Major fat-burning discovery

  Harvard researchers have discovered a hormone released by exercise that turns energy-storing white fat cells into energy-burning brown fat cells.   More »

Overeating may reduce brain function

High caloric intake could raise the risk of memory loss. A recent study suggests that high caloric intake over time may actually raise your odds of developing memory loss, or mild cognitive impairment (MCI), later in life. The study found that consuming between 2,100 and 6,000 calories per day may double the risk of MCI among people age 70 and older.  (Locked) More »

Grieving may trigger heart attack

Grieving people have elevated levels of adrenaline and stress-related hormones. This can lead to increased clamping down of one's arteries, a faster heart rate and elevated blood pressure, all of which can increase the chance of a rupture of atherosclerotic plaques, causing a heart attack. (Locked) More »

New knee helps your heart

Adults with osteoarthritis face lower odds of developing heart failure by having a total knee replacement. The procedure allows the recipients to exercise again, which can lead to better heart health. (Locked) More »

Dieting? Have some cake

Can eating cake for breakfast help you lose weight? A new study says yes, but the director of nutrition at Brigham and Women's Hospital says "not so fast."  Researchers randomly allocated obese people for four months to either a 600-calorie breakfast rich in both carbohydrates and protein (that included chocolate cake) or to a 600-calorie low-carb diet. After the four months were over, the participants in both groups had lost weight. Over the next four months, however, people who had been on the high-carb, high-protein diet continued to lose weight, while those in the low-carb diet regained weight. More »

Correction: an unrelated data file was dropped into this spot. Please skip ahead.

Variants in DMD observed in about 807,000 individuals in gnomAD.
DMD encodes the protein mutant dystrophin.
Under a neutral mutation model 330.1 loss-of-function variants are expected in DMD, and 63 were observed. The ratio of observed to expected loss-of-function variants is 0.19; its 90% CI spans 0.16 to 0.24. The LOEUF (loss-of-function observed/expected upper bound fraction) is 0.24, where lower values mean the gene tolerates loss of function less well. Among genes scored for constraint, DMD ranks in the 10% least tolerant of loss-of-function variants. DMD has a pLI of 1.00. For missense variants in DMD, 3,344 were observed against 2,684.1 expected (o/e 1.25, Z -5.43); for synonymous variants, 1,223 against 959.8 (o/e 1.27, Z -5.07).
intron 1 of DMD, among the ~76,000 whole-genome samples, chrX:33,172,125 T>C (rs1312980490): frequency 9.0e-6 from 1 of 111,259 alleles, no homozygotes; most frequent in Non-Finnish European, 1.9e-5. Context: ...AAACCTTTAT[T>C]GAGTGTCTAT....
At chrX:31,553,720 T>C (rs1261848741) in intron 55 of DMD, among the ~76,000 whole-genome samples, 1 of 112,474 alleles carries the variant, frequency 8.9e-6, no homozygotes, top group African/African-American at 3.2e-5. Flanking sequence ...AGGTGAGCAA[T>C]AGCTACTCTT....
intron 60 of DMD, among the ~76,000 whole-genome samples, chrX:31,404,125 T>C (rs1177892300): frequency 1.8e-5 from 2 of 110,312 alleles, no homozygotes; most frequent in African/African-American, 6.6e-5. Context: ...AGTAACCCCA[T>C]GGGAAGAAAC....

Sex after heart attack

The American Heart Association (AHA) has issued a scientific statement noting that sex is safe for the majority of heart disease patients and that patients should discuss the subject with their doctors. "The AHA statement on sexual activity and heart disease is really a big step forward in medicine," says Dr. Deepak Bhatt, an interventional cardiologist and associate professor at Harvard Medical School. "Patients with heart disease often have questions about sexual activity and it is time to start discussing those issues openly." While exercise has been an accepted way to help treat heart patients for years, many heart patients have been concerned about resuming sexual relations because of the strain it may put on their heart or any cardiac devices. (Locked) More »

Triglycerides may predict stroke

The strongest predictors of a woman's stroke risk may be triglycerides. Scientists looked at more than 900 post-menopausal women and found that those with the highest levels of triglycerides were 56% more likely to have an ischemic stroke (the type due to blood vessel blockage) as those with the lowest levels. (Locked) More »

Eye surgery and post-op pain

Contact lenses are already used after laser eye surgery as bandages. Surgeons place silicone hydrogel contact lenses on the eyes, which can release ophthalmic drugs for a few hours. However, that's inadequate for pain relief. Contact lenses with vitamin E added deliver a long-lasting anesthetic. Vitamin E acts as a barrier and extends the release of the anesthetics, providing relief up to a week after surgery. (Locked) More »

Better way to apply sun screen

Choosing the right sun protection and applying it properly are the most important steps to protect yourself from the sun's harmful rays. The best sun protection for your skin starts with a sunscreen with an SPF of 30 or higher. About one ounce, approximately two tablespoons, is needed for the average adult body. About one quarter to one third of a tablespoon is right for the face. Sunscreen should be applied to dry skin about 15 minutes before going out in the sun and should be reapplied every couple of hours. (Locked) More »

Beta blockers

Beta blockers are prescribed for conditions ranging from high blood pressure and glaucoma to anxiety attacks and migraines. They are primarily prescribed to help control hypertension and abnormal heart rhythms, but are also widely prescribed to prevent further heart problems in patients who've had heart attacks or who are suffering from heart failure. Each type of antihypertensive drug works a little differently. Your specific medical needs will help dictate which class of antihypertensives your doctor prescribes.  (Locked) More »